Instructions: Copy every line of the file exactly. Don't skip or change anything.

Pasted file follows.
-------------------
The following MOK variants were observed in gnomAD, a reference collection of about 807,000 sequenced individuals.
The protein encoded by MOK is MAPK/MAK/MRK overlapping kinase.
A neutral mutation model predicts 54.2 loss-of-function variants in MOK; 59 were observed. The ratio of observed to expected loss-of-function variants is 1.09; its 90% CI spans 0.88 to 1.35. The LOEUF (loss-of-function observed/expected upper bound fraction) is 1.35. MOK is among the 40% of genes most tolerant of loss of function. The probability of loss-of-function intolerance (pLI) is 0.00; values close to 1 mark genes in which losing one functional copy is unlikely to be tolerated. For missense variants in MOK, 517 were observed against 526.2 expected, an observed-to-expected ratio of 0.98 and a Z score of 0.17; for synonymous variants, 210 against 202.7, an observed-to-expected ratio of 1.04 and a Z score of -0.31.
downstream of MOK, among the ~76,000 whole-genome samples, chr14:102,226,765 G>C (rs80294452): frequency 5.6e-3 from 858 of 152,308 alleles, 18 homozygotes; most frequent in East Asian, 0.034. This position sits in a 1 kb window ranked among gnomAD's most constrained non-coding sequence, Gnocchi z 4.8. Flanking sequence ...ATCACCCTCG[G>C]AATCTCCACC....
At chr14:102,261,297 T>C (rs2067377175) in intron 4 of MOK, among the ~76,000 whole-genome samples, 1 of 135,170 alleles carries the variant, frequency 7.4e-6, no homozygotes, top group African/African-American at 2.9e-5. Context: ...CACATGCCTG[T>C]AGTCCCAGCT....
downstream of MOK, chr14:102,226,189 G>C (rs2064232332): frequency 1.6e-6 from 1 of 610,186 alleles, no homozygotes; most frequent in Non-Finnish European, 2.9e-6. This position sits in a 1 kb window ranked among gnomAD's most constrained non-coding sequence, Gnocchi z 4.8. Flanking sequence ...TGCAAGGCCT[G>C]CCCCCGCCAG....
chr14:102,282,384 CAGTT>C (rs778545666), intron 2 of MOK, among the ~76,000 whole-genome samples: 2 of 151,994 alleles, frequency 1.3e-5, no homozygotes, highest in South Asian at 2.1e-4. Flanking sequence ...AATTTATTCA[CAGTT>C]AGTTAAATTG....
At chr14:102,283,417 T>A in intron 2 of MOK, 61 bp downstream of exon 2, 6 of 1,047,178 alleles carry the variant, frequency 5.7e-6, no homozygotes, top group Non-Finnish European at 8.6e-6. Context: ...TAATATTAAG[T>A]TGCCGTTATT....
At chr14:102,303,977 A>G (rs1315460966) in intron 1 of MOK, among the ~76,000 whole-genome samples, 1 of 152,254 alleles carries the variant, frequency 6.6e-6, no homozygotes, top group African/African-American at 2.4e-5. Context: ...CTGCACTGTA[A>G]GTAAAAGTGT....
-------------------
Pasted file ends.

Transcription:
The following MOK variants were observed in gnomAD, a reference collection of about 807,000 sequenced individuals.
The protein encoded by MOK is MAPK/MAK/MRK overlapping kinase.
A neutral mutation model predicts 54.2 loss-of-function variants in MOK; 59 were observed. The ratio of observed to expected loss-of-function variants is 1.09; its 90% CI spans 0.88 to 1.35. The LOEUF (loss-of-function observed/expected upper bound fraction) is 1.35. MOK is among the 40% of genes most tolerant of loss of function. The probability of loss-of-function intolerance (pLI) is 0.00; values close to 1 mark genes in which losing one functional copy is unlikely to be tolerated. For missense variants in MOK, 517 were observed against 526.2 expected, an observed-to-expected ratio of 0.98 and a Z score of 0.17; for synonymous variants, 210 against 202.7, an observed-to-expected ratio of 1.04 and a Z score of -0.31.
downstream of MOK, among the ~76,000 whole-genome samples, chr14:102,226,765 G>C (rs80294452): frequency 5.6e-3 from 858 of 152,308 alleles, 18 homozygotes; most frequent in East Asian, 0.034. This position sits in a 1 kb window ranked among gnomAD's most constrained non-coding sequence, Gnocchi z 4.8. Flanking sequence ...ATCACCCTCG[G>C]AATCTCCACC....
At chr14:102,261,297 T>C (rs2067377175) in intron 4 of MOK, among the ~76,000 whole-genome samples, 1 of 135,170 alleles carries the variant, frequency 7.4e-6, no homozygotes, top group African/African-American at 2.9e-5. Context: ...CACATGCCTG[T>C]AGTCCCAGCT....
downstream of MOK, chr14:102,226,189 G>C (rs2064232332): frequency 1.6e-6 from 1 of 610,186 alleles, no homozygotes; most frequent in Non-Finnish European, 2.9e-6. This position sits in a 1 kb window ranked among gnomAD's most constrained non-coding sequence, Gnocchi z 4.8. Flanking sequence ...TGCAAGGCCT[G>C]CCCCCGCCAG....
chr14:102,282,384 CAGTT>C (rs778545666), intron 2 of MOK, among the ~76,000 whole-genome samples: 2 of 151,994 alleles, frequency 1.3e-5, no homozygotes, highest in South Asian at 2.1e-4. Flanking sequence ...AATTTATTCA[CAGTT>C]AGTTAAATTG....
At chr14:102,283,417 T>A in intron 2 of MOK, 61 bp downstream of exon 2, 6 of 1,047,178 alleles carry the variant, frequency 5.7e-6, no homozygotes, top group Non-Finnish European at 8.6e-6. Context: ...TAATATTAAG[T>A]TGCCGTTATT....
At chr14:102,303,977 A>G (rs1315460966) in intron 1 of MOK, among the ~76,000 whole-genome samples, 1 of 152,254 alleles carries the variant, frequency 6.6e-6, no homozygotes, top group African/African-American at 2.4e-5. Context: ...CTGCACTGTA[A>G]GTAAAAGTGT....